above everyone when it came film(film history, film making, actors &
                  actresses, etc.), literature, politics, sex, male/female
                  relationships, etc. And, very opinionated. But, I love her for it,
                  because she would be who she was if she wasn't that in the first
                  place. I marvel at her strong sense of independence. That made her
                  stand out more than her contemporaries.

                  -Dario.



                  --- In thenewcovenoflouisebrooks@yahoogroups.com, "Chuck Golden"
                  <bagnoli2@...> wrote:
                  >
                  > I think you've hit on one of THE major aspects of her personality.
                  All
                  > through the Paris bio, especially towards the end, it's evident
                  that
                  > she had to be in control - not so much in control of the people but
                  in
                  > control of the situation. Ken Tynan wrote the blockbuster
                  piece "The
                  > Girl in the Black Helmet" for the New Yorker which shot her back to
                  the
                  > top of the public consciousness. Not long afterwards, she got word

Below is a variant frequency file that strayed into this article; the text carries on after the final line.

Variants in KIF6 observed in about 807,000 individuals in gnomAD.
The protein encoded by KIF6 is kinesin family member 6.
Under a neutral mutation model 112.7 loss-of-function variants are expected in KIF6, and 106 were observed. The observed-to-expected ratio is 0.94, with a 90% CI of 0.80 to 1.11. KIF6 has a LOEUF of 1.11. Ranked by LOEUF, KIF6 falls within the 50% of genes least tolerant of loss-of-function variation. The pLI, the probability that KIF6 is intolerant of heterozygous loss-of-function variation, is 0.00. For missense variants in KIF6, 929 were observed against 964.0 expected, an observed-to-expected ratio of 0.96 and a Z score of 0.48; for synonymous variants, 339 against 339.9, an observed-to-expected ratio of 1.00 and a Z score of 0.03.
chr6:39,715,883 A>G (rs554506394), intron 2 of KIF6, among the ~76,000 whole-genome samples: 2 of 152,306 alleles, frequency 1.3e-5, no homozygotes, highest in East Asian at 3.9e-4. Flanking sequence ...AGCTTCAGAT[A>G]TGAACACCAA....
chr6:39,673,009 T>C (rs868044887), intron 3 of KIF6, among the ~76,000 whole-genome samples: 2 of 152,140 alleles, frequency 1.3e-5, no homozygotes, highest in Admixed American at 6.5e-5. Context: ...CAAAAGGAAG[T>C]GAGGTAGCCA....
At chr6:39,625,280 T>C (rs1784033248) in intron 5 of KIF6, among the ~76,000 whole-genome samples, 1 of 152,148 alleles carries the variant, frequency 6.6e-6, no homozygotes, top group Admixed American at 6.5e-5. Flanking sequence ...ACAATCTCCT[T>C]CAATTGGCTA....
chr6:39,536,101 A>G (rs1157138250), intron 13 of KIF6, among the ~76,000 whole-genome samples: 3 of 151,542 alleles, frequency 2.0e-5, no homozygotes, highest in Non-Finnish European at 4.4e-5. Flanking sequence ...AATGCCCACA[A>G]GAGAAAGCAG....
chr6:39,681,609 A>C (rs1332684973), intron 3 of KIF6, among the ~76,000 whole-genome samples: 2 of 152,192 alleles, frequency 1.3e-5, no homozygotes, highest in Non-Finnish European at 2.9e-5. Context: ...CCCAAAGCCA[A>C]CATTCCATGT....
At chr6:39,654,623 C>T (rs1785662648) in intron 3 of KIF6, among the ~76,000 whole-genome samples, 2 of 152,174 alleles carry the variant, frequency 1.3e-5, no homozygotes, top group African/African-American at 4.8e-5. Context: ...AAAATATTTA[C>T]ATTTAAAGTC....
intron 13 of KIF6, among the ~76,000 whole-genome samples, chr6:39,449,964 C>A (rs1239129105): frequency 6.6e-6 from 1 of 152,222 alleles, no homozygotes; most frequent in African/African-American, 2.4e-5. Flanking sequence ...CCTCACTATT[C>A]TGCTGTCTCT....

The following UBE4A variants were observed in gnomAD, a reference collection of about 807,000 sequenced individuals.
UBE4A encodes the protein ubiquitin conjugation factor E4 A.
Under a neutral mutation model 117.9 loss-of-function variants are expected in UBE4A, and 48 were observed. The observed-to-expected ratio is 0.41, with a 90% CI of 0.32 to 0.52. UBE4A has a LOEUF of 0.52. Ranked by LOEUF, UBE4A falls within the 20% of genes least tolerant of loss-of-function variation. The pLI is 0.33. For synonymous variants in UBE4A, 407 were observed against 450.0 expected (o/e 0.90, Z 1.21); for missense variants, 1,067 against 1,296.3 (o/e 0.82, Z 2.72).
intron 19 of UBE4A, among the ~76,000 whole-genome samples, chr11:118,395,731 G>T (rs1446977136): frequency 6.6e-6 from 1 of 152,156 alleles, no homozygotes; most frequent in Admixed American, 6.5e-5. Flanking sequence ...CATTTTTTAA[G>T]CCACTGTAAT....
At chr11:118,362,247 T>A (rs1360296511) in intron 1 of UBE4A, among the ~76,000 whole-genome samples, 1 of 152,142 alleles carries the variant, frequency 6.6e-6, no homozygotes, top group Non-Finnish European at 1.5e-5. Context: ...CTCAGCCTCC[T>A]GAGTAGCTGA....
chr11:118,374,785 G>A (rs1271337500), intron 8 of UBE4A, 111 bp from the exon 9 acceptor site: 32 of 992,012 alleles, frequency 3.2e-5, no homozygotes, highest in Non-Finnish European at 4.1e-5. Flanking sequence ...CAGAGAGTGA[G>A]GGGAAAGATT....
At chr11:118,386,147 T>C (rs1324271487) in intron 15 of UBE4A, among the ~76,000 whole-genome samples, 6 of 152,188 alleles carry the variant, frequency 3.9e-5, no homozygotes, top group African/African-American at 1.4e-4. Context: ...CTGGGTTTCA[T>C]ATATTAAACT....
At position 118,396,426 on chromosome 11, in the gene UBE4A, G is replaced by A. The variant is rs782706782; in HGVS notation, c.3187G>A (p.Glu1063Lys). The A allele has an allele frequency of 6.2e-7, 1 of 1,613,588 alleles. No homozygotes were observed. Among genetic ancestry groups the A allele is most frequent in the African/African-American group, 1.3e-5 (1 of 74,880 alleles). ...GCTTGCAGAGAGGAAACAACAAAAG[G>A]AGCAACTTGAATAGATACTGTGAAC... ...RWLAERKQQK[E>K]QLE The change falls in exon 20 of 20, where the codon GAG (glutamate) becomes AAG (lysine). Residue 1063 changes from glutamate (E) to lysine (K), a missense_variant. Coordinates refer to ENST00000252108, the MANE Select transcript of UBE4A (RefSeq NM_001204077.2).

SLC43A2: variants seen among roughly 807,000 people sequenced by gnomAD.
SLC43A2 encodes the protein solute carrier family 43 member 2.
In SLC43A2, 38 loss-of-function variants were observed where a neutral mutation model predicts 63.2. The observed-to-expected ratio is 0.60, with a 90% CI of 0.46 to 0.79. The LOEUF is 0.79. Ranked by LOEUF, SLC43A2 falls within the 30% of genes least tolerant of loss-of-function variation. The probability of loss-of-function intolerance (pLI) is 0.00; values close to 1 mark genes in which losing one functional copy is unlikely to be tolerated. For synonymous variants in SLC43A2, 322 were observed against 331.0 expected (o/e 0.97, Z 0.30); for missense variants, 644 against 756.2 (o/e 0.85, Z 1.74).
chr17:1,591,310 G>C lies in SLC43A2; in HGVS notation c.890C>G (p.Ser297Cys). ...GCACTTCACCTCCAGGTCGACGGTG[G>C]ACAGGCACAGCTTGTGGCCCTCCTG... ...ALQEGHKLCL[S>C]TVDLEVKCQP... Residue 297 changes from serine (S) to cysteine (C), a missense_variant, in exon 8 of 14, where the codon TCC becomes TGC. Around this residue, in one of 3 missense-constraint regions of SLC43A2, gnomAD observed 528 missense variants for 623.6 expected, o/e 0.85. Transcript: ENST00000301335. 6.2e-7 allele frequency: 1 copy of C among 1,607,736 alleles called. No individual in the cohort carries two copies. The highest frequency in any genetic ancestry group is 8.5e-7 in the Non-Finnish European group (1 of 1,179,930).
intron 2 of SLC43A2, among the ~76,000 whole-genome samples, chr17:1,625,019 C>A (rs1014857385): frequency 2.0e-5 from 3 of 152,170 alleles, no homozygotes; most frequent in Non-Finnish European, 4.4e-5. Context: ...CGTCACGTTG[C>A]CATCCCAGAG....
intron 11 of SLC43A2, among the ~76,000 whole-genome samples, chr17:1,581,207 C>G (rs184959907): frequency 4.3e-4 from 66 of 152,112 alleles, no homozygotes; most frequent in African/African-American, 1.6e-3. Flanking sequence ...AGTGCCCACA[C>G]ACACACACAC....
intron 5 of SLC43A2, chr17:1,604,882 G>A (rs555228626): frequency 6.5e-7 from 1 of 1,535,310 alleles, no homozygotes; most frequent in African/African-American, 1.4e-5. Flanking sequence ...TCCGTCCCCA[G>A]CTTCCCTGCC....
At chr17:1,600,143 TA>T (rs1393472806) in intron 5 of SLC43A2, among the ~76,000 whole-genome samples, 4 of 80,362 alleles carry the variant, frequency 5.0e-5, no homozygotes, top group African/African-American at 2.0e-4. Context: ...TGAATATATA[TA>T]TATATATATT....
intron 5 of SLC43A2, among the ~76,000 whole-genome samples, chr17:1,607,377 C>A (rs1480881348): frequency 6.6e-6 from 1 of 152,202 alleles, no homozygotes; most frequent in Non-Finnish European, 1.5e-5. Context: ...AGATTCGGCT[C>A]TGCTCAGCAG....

> from him that he'd been out on the West Coast discussing (without
                  her
                  > knowing it) a bio-pic with a major Hollywood director. She went
                  > ballistic, refused any thought of letting the film be done (despite
                  the
                  > increased fame and money), and cut Ken Tynan off forever. She
                  > excoriated him for having the temerity of discussing a project that
                  > involved her behind her back. The evident botton line is that she
                  > wouldn't agree to putting herself and her story in a situation
                  where
                  > she couldn't be 100% in control of it.
                  >
                  > Now, as to why she was so much that way... any psycologists out
                  there?
                  > Certainly, she was her mother's daughter and the apple seldom falls
                  far
                  > from the tree. But she was far too complex for it to be something
                  as
                  > simple as that.
                  >
                  >
                  > --- In thenewcovenoflouisebrooks@yahoogroups.com, olive_e_thomas
                  > <no_reply@> wrote:
                  > >
                  > > The way I look at it she was more concerned about the loss of
                  > > personal control. Like if Oprah had tried to put her book in her